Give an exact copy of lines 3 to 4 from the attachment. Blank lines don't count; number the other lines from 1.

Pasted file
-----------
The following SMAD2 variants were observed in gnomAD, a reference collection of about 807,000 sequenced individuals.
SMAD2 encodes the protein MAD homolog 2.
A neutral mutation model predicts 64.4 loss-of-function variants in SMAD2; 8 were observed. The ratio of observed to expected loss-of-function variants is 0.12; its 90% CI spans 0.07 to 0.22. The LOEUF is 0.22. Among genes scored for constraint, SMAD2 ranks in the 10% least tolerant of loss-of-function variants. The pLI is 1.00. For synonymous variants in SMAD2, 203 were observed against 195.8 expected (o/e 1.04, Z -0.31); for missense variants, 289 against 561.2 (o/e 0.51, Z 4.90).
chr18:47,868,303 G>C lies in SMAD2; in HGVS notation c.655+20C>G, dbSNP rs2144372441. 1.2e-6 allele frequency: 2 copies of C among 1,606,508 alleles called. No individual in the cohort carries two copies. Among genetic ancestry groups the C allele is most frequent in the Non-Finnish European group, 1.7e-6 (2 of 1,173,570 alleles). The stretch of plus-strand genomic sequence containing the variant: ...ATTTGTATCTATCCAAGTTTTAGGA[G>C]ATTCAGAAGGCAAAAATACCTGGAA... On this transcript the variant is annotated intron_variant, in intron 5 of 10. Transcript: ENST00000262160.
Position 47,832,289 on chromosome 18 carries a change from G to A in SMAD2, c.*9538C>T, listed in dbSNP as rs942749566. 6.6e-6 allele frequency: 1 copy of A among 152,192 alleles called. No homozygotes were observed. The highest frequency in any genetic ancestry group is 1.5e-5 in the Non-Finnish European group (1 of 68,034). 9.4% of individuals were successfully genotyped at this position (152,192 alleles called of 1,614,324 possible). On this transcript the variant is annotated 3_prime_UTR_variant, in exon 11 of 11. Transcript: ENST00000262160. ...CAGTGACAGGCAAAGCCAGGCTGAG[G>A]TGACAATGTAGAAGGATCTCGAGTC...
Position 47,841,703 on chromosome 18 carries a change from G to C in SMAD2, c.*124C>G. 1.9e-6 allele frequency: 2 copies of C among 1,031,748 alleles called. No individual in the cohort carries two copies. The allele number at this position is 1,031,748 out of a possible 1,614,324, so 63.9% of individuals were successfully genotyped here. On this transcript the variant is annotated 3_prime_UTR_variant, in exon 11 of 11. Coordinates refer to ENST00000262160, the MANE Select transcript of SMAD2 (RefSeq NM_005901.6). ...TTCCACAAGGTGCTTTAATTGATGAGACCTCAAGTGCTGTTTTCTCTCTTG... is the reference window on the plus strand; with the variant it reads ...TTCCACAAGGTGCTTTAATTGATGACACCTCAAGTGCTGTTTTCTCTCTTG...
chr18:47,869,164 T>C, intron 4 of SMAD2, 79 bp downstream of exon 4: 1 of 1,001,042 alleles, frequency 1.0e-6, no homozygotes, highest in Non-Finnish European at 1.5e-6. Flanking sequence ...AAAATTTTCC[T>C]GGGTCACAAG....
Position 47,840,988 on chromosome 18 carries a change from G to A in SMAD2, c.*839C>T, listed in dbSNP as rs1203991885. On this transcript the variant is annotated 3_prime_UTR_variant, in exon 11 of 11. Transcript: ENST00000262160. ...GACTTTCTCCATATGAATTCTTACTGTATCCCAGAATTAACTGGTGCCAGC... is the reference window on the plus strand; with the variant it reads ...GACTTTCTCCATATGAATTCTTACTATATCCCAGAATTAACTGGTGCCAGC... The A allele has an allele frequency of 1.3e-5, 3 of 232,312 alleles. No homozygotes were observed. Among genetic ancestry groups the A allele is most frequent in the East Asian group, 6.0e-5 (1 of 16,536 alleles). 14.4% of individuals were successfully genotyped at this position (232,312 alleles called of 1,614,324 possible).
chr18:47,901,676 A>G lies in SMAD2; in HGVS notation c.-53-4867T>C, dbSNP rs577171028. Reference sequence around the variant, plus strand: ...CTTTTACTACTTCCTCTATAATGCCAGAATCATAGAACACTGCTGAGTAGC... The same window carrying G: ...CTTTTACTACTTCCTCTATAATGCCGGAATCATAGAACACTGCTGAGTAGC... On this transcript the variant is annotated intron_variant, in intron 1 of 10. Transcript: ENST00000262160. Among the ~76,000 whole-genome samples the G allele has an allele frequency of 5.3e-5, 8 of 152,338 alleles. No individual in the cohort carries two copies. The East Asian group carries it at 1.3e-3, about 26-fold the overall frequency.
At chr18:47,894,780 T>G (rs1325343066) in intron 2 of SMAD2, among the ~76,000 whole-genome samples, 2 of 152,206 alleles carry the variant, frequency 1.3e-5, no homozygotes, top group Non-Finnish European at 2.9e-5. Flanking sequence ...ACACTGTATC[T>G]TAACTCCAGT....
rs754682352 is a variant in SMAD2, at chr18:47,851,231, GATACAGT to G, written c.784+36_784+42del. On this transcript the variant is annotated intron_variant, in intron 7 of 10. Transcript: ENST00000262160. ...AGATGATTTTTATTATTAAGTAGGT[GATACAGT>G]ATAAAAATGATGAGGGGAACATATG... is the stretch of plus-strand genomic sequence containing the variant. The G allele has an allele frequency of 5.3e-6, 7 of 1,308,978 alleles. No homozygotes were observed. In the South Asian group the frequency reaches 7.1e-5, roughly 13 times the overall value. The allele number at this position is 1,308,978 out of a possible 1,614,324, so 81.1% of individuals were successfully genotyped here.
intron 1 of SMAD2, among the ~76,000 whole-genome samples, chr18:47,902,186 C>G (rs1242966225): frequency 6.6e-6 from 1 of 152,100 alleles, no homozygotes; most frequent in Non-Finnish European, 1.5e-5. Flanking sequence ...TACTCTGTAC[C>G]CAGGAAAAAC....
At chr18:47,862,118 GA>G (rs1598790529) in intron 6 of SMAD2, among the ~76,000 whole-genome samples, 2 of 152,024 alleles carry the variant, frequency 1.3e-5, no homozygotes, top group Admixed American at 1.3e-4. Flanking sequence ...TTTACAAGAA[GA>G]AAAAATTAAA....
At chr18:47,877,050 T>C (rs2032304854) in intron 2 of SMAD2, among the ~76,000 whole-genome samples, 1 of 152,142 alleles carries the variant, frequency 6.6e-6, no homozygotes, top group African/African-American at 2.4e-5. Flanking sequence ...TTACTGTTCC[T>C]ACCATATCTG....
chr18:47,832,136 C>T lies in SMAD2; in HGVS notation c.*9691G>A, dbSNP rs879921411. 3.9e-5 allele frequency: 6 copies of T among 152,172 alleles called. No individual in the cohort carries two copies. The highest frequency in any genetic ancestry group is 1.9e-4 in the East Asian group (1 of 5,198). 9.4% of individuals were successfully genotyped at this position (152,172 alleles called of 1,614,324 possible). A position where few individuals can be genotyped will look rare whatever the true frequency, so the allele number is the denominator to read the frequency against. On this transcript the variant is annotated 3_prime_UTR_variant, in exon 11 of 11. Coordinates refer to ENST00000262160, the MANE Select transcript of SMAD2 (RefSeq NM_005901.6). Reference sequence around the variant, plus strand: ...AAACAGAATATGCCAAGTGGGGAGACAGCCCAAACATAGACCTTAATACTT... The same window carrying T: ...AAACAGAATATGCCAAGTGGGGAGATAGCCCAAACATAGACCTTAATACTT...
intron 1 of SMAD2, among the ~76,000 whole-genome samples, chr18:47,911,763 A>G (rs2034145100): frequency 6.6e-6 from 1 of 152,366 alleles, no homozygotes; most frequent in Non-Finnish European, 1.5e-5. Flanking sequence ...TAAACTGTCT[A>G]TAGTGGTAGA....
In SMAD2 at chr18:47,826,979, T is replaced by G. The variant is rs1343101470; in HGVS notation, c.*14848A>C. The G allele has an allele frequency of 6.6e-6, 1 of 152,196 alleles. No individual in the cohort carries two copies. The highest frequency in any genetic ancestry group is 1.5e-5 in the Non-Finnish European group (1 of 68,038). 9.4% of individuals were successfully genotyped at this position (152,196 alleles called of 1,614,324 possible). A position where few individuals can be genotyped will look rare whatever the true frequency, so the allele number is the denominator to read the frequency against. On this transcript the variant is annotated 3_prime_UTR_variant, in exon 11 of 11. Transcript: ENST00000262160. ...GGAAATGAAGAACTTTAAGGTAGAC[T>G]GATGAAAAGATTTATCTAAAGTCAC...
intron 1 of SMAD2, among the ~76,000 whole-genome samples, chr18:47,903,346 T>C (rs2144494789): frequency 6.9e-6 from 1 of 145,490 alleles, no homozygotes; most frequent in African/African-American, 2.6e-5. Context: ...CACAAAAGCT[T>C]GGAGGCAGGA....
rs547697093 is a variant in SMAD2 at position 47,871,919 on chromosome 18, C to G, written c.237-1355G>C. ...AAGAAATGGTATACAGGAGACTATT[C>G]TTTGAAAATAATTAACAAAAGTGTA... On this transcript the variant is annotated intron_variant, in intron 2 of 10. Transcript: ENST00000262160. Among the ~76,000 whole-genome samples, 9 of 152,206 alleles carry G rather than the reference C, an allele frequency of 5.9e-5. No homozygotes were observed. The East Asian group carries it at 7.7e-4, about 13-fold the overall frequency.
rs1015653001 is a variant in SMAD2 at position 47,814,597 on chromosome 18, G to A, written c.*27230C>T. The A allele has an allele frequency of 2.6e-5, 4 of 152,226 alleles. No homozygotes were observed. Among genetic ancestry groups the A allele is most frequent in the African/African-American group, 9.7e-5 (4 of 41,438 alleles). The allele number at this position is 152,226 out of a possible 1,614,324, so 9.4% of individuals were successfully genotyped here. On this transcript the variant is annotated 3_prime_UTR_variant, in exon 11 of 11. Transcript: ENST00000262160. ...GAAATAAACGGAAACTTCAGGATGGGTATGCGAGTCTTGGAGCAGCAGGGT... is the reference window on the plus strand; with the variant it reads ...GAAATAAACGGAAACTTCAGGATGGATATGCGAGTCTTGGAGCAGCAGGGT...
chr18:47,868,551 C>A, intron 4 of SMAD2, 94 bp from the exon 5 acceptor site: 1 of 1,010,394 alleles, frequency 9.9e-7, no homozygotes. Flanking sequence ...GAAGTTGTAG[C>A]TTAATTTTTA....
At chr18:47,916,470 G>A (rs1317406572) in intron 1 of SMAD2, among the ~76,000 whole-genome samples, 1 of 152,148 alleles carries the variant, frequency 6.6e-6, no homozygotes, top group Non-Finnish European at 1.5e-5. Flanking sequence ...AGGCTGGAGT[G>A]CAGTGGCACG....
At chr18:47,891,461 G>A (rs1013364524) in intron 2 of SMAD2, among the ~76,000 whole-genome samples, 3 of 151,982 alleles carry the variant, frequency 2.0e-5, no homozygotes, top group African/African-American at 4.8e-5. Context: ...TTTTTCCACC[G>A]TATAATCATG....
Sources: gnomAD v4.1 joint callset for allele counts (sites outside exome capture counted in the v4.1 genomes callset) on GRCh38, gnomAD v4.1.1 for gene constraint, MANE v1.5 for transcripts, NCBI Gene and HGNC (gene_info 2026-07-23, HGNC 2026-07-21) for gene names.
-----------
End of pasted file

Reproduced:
A neutral mutation model predicts 64.4 loss-of-function variants in SMAD2; 8 were observed. The ratio of observed to expected loss-of-function variants is 0.12; its 90% CI spans 0.07 to 0.22. The LOEUF is 0.22. Among genes scored for constraint, SMAD2 ranks in the 10% least tolerant of loss-of-function variants. The pLI is 1.00. For synonymous variants in SMAD2, 203 were observed against 195.8 expected (o/e 1.04, Z -0.31); for missense variants, 289 against 561.2 (o/e 0.51, Z 4.90).
chr18:47,868,303 G>C lies in SMAD2; in HGVS notation c.655+20C>G, dbSNP rs2144372441. 1.2e-6 allele frequency: 2 copies of C among 1,606,508 alleles called. No individual in the cohort carries two copies. Among genetic ancestry groups the C allele is most frequent in the Non-Finnish European group, 1.7e-6 (2 of 1,173,570 alleles). The stretch of plus-strand genomic sequence containing the variant: ...ATTTGTATCTATCCAAGTTTTAGGA[G>C]ATTCAGAAGGCAAAAATACCTGGAA... On this transcript the variant is annotated intron_variant, in intron 5 of 10. Transcript: ENST00000262160.